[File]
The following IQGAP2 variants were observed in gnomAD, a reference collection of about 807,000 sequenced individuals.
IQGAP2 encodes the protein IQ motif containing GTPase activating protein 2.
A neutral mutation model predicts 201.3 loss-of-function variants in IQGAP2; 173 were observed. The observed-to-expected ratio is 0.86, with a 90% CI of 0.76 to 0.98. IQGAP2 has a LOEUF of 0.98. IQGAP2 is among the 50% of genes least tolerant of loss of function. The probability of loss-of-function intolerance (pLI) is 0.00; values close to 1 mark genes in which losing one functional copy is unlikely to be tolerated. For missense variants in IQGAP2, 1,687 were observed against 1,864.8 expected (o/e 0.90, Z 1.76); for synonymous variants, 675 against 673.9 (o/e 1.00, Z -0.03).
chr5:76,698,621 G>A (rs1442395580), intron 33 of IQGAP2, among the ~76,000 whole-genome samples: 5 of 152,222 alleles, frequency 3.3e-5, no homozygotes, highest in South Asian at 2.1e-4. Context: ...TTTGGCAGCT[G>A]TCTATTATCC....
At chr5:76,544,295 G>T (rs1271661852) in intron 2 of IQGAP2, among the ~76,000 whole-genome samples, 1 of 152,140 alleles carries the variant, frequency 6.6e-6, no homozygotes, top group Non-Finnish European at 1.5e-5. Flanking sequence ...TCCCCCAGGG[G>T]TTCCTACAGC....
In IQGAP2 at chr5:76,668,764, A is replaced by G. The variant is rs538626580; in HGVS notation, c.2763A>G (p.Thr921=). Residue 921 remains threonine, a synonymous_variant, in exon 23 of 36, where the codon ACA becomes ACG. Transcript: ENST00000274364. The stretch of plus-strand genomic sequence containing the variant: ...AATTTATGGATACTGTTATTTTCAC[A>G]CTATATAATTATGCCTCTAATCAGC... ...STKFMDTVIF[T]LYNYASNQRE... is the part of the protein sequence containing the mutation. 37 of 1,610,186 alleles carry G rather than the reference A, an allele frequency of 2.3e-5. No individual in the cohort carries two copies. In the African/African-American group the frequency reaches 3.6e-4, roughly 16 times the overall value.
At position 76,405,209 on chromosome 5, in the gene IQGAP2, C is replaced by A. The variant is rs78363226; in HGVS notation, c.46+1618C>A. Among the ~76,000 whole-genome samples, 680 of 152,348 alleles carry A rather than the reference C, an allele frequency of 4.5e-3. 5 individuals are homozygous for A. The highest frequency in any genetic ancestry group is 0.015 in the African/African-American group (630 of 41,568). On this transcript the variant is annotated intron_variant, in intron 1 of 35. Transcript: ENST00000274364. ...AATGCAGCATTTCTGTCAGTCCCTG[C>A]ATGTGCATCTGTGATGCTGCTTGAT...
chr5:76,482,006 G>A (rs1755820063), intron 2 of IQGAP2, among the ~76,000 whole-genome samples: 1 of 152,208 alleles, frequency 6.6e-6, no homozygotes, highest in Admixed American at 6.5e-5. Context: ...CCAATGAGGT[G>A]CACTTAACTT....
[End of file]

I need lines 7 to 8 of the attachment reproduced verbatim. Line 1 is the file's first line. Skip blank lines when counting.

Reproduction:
At position 76,405,209 on chromosome 5, in the gene IQGAP2, C is replaced by A. The variant is rs78363226; in HGVS notation, c.46+1618C>A. Among the ~76,000 whole-genome samples, 680 of 152,348 alleles carry A rather than the reference C, an allele frequency of 4.5e-3. 5 individuals are homozygous for A. The highest frequency in any genetic ancestry group is 0.015 in the African/African-American group (630 of 41,568). On this transcript the variant is annotated intron_variant, in intron 1 of 35. Transcript: ENST00000274364. ...AATGCAGCATTTCTGTCAGTCCCTG[C>A]ATGTGCATCTGTGATGCTGCTTGAT...
chr5:76,482,006 G>A (rs1755820063), intron 2 of IQGAP2, among the ~76,000 whole-genome samples: 1 of 152,208 alleles, frequency 6.6e-6, no homozygotes, highest in Admixed American at 6.5e-5. Context: ...CCAATGAGGT[G>A]CACTTAACTT....